GPP Strategy and Summary for 2018 – Part II

Zachary Turcotte
By Zachary Turcotte January 2, 2019 04:51

GPP Strategy and Summary for 2018 – Part II

In our first installment on GPP strategy, I began to outline some of the ideas that Jeff and I have covered extensively over the last few years, but never really focus on all at one time. We heard so much noise and debate about lineup construction when we initially started FGI and even now from time to time, that we thought it was important to go through each year and to dig into the data to see what the numbers can tell us in terms of how winning lineups are built and if there are any sort of patterns that stand out over a season.

For the last four seasons, we have started to track the data to see what types of lineups tend to win GPP events of various sizes. Our belief from the outset has always been that there is an art to lineup construction that is underappreciated and only understood by a handful of players throughout the industry. Our instincts were pretty clear on the matter. In cash games, you want to try to minimize risk. There is no extra value gained between being at the top of the field or from just barely cashing so it does not make a whole lot of sense to think outside the box in owning those players that are only owned by 0-3% of the field for a given week. When you are right, it is simply another player through the cut, but when you are wrong, you are punished to a much greater degree as only you, and a small handful of others are hurt. That is the biggest reason why using the chalk plays is less of a risk. If 40% of players are on a golfer that misses the cut, then it does not necessarily wipe out your chances of winning for a given week.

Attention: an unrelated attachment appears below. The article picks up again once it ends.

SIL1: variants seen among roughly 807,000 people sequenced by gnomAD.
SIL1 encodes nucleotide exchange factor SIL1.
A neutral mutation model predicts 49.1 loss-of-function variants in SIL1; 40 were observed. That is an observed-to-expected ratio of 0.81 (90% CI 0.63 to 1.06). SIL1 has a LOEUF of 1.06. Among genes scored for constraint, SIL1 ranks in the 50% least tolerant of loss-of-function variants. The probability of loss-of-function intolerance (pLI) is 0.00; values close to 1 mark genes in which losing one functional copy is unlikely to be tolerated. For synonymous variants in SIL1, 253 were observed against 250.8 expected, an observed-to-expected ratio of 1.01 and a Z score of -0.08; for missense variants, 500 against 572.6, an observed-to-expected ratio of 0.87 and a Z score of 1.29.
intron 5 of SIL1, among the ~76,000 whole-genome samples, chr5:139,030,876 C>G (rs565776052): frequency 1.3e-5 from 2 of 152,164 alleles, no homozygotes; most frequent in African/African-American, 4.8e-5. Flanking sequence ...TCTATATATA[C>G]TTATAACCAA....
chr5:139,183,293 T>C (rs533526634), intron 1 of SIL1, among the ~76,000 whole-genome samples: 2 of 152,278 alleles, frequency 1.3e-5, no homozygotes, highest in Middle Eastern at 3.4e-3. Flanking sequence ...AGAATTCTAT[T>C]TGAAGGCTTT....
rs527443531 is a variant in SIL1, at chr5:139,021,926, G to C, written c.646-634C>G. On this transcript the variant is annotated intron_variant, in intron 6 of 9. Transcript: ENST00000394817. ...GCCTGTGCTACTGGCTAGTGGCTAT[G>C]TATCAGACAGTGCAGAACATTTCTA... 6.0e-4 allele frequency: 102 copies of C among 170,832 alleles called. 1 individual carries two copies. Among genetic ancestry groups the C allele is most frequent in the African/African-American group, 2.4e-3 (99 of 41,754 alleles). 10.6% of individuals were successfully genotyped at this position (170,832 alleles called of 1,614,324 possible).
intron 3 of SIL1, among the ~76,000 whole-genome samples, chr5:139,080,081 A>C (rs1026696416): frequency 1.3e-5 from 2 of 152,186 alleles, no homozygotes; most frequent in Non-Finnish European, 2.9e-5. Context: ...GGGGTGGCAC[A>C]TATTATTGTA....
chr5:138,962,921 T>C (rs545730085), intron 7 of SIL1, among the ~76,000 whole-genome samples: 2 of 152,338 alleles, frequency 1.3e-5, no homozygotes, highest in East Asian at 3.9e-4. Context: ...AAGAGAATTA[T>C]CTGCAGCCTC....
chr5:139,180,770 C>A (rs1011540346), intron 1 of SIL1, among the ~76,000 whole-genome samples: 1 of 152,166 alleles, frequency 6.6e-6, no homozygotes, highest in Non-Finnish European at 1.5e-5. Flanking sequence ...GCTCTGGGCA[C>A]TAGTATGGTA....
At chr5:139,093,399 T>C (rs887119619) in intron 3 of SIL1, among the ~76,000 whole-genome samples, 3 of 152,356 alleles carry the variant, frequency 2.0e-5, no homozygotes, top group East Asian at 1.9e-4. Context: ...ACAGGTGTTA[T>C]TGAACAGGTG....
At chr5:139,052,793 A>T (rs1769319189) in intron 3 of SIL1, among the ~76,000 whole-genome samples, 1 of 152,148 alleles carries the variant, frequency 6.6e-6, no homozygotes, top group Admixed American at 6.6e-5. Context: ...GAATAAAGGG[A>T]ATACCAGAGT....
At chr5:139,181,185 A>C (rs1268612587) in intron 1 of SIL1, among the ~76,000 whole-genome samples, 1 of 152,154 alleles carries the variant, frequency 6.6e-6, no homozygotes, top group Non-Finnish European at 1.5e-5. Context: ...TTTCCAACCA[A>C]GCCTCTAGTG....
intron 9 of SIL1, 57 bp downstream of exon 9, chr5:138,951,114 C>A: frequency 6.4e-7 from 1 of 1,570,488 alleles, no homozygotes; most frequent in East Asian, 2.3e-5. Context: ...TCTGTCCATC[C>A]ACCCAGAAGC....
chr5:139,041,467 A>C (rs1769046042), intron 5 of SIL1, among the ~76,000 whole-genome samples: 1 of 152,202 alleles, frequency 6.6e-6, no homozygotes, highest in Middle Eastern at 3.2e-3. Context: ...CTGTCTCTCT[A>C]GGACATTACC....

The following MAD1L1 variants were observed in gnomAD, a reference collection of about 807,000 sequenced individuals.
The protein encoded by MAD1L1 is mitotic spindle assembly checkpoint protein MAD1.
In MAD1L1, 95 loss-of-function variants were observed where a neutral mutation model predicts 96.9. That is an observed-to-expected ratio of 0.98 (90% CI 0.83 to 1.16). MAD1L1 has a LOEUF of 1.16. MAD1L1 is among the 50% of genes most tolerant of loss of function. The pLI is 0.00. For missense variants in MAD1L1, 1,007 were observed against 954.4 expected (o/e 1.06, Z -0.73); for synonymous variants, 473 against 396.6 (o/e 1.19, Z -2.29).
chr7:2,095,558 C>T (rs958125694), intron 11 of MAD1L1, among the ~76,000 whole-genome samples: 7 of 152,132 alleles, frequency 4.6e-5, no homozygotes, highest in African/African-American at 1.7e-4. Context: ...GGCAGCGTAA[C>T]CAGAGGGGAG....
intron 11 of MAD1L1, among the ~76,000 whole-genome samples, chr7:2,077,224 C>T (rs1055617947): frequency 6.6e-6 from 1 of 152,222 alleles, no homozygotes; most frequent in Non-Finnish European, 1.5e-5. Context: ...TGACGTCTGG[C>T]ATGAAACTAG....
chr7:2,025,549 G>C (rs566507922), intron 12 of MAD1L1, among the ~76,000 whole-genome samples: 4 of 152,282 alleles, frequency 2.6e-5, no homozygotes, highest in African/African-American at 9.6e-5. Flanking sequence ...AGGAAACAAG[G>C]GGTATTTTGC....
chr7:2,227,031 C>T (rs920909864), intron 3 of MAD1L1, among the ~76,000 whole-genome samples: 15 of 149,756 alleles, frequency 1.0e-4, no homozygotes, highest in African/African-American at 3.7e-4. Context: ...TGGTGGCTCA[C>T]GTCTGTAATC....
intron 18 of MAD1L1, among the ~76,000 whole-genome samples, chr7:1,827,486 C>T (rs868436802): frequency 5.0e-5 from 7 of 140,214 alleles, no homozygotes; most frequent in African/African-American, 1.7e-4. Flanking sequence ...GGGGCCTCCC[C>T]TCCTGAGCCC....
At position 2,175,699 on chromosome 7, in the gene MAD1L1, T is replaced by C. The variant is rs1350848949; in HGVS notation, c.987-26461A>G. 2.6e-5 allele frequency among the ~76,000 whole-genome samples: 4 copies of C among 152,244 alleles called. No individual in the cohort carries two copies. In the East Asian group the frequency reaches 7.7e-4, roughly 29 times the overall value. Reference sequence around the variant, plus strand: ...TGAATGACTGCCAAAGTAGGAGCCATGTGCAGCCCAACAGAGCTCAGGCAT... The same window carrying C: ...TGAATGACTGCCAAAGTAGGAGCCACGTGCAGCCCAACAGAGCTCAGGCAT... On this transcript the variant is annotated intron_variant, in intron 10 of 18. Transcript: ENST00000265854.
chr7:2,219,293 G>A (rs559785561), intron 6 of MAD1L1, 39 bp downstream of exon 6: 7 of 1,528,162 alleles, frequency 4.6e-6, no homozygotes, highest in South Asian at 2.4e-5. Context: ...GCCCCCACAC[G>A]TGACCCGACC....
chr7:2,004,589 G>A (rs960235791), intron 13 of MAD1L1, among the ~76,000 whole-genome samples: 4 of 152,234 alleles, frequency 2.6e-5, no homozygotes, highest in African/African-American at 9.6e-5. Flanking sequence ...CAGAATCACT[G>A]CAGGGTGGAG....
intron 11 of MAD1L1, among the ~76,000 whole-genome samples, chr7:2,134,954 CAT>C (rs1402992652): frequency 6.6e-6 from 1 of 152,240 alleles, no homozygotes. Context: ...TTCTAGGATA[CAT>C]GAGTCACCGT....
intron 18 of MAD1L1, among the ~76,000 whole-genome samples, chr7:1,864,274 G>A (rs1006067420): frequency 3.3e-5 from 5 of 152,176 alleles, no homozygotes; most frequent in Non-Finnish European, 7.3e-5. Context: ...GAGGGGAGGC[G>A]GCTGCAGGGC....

On the flip side, in GPP play, where only about 20% of the field will cash and where most of the prize money is concentrated in the top few places, it is not only important, but essential to take chances on players that are owned by a smaller percentage of the field. In these events, when that same player who is owned by 40% of the field misses the cut, your team has a much lower likelihood of cashing and no chance of winning. The point here is that conformity does not necessarily hurt you in cash games, but too much of it will make you a losing player in GPP events.

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Zachary Turcotte
By Zachary Turcotte January 2, 2019 04:51

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